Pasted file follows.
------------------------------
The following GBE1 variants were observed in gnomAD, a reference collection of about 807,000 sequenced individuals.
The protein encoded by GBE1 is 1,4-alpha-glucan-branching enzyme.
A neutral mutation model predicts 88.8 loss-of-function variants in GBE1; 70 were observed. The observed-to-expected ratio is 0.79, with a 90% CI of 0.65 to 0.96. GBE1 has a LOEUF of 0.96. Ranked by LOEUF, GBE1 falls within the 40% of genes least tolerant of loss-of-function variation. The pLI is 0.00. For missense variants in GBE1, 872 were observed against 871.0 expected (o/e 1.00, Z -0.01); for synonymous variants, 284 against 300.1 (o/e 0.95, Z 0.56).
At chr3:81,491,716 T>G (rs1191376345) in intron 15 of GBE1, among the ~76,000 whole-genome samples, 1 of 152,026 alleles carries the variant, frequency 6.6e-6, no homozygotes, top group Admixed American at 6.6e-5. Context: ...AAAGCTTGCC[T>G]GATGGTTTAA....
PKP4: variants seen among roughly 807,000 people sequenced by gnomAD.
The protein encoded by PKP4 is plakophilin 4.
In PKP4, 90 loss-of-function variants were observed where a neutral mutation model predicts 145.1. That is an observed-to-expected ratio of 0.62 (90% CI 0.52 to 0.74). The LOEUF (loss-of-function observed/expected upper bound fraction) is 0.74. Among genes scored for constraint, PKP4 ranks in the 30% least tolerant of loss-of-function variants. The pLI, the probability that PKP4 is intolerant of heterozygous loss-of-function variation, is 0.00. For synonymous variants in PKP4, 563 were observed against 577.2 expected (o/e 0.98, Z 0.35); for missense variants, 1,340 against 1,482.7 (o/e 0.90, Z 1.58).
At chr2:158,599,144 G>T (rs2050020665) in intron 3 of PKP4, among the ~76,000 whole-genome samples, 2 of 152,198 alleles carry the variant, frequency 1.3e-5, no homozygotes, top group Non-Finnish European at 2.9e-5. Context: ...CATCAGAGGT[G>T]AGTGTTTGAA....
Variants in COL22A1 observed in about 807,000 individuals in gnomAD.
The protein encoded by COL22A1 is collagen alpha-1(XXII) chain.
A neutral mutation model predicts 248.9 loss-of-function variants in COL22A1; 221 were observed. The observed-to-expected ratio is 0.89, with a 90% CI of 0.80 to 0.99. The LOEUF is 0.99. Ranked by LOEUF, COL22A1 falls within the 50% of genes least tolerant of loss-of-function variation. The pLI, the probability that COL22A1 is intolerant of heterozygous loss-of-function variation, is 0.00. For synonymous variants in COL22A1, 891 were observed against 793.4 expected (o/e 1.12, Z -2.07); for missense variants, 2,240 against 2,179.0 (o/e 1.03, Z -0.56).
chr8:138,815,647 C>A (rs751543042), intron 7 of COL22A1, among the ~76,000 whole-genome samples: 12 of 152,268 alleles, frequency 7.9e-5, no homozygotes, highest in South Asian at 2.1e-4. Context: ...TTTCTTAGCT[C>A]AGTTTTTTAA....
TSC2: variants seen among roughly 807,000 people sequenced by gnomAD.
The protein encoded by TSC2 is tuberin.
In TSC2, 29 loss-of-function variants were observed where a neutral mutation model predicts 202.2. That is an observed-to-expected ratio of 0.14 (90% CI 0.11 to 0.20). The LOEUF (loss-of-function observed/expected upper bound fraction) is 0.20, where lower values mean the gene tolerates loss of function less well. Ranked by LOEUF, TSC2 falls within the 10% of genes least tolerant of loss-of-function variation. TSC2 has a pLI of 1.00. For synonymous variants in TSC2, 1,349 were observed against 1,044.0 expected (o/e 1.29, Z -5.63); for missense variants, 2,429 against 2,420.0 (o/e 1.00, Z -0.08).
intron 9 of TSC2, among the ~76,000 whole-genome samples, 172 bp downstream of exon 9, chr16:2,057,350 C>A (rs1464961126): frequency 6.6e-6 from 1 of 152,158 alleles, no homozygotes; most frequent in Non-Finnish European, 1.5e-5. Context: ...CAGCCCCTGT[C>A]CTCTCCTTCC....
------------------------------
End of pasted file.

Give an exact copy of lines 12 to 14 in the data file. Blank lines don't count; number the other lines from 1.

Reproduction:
chr8:138,815,647 C>A (rs751543042), intron 7 of COL22A1, among the ~76,000 whole-genome samples: 12 of 152,268 alleles, frequency 7.9e-5, no homozygotes, highest in South Asian at 2.1e-4. Context: ...TTTCTTAGCT[C>A]AGTTTTTTAA....
TSC2: variants seen among roughly 807,000 people sequenced by gnomAD.
The protein encoded by TSC2 is tuberin.